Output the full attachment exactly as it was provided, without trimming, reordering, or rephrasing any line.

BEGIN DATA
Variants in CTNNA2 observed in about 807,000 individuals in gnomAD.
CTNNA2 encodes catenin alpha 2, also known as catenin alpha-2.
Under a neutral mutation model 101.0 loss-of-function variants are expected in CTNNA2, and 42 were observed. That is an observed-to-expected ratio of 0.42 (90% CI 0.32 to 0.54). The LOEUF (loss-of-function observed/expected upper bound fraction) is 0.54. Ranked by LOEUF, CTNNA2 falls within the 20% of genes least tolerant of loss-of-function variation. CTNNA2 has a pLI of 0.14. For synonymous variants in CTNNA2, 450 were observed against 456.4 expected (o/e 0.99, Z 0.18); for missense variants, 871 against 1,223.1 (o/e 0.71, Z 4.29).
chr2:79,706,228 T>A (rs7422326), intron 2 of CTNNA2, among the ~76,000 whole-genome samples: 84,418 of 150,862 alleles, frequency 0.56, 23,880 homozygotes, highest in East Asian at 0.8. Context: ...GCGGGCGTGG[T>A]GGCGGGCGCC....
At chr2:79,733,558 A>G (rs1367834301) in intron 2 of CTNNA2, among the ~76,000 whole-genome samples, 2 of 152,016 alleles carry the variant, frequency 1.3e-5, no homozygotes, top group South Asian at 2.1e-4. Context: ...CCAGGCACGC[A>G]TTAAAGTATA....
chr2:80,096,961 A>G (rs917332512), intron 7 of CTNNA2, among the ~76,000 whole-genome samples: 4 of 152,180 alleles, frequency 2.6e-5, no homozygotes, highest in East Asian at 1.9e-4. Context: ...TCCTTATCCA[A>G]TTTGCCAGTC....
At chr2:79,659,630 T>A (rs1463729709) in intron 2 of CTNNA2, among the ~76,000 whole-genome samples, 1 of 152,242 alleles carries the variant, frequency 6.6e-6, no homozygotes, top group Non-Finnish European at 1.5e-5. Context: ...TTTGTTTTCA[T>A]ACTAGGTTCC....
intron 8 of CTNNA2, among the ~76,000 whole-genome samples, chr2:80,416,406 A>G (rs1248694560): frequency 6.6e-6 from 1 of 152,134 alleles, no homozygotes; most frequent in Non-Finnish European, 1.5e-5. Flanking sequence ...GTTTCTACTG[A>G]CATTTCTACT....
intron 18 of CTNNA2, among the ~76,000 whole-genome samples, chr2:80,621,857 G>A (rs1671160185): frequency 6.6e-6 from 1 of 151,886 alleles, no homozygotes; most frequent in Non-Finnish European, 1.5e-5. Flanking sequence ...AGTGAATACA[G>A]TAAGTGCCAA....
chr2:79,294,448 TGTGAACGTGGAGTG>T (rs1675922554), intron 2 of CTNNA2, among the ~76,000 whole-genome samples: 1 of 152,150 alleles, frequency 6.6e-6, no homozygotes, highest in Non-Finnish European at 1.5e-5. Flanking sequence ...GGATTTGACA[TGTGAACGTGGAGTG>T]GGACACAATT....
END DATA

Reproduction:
Variants in CTNNA2 observed in about 807,000 individuals in gnomAD.
CTNNA2 encodes catenin alpha 2, also known as catenin alpha-2.
Under a neutral mutation model 101.0 loss-of-function variants are expected in CTNNA2, and 42 were observed. That is an observed-to-expected ratio of 0.42 (90% CI 0.32 to 0.54). The LOEUF (loss-of-function observed/expected upper bound fraction) is 0.54. Ranked by LOEUF, CTNNA2 falls within the 20% of genes least tolerant of loss-of-function variation. CTNNA2 has a pLI of 0.14. For synonymous variants in CTNNA2, 450 were observed against 456.4 expected (o/e 0.99, Z 0.18); for missense variants, 871 against 1,223.1 (o/e 0.71, Z 4.29).
chr2:79,706,228 T>A (rs7422326), intron 2 of CTNNA2, among the ~76,000 whole-genome samples: 84,418 of 150,862 alleles, frequency 0.56, 23,880 homozygotes, highest in East Asian at 0.8. Context: ...GCGGGCGTGG[T>A]GGCGGGCGCC....
At chr2:79,733,558 A>G (rs1367834301) in intron 2 of CTNNA2, among the ~76,000 whole-genome samples, 2 of 152,016 alleles carry the variant, frequency 1.3e-5, no homozygotes, top group South Asian at 2.1e-4. Context: ...CCAGGCACGC[A>G]TTAAAGTATA....
chr2:80,096,961 A>G (rs917332512), intron 7 of CTNNA2, among the ~76,000 whole-genome samples: 4 of 152,180 alleles, frequency 2.6e-5, no homozygotes, highest in East Asian at 1.9e-4. Context: ...TCCTTATCCA[A>G]TTTGCCAGTC....
At chr2:79,659,630 T>A (rs1463729709) in intron 2 of CTNNA2, among the ~76,000 whole-genome samples, 1 of 152,242 alleles carries the variant, frequency 6.6e-6, no homozygotes, top group Non-Finnish European at 1.5e-5. Context: ...TTTGTTTTCA[T>A]ACTAGGTTCC....
intron 8 of CTNNA2, among the ~76,000 whole-genome samples, chr2:80,416,406 A>G (rs1248694560): frequency 6.6e-6 from 1 of 152,134 alleles, no homozygotes; most frequent in Non-Finnish European, 1.5e-5. Flanking sequence ...GTTTCTACTG[A>G]CATTTCTACT....
intron 18 of CTNNA2, among the ~76,000 whole-genome samples, chr2:80,621,857 G>A (rs1671160185): frequency 6.6e-6 from 1 of 151,886 alleles, no homozygotes; most frequent in Non-Finnish European, 1.5e-5. Flanking sequence ...AGTGAATACA[G>A]TAAGTGCCAA....
chr2:79,294,448 TGTGAACGTGGAGTG>T (rs1675922554), intron 2 of CTNNA2, among the ~76,000 whole-genome samples: 1 of 152,150 alleles, frequency 6.6e-6, no homozygotes, highest in Non-Finnish European at 1.5e-5. Flanking sequence ...GGATTTGACA[TGTGAACGTGGAGTG>T]GGACACAATT....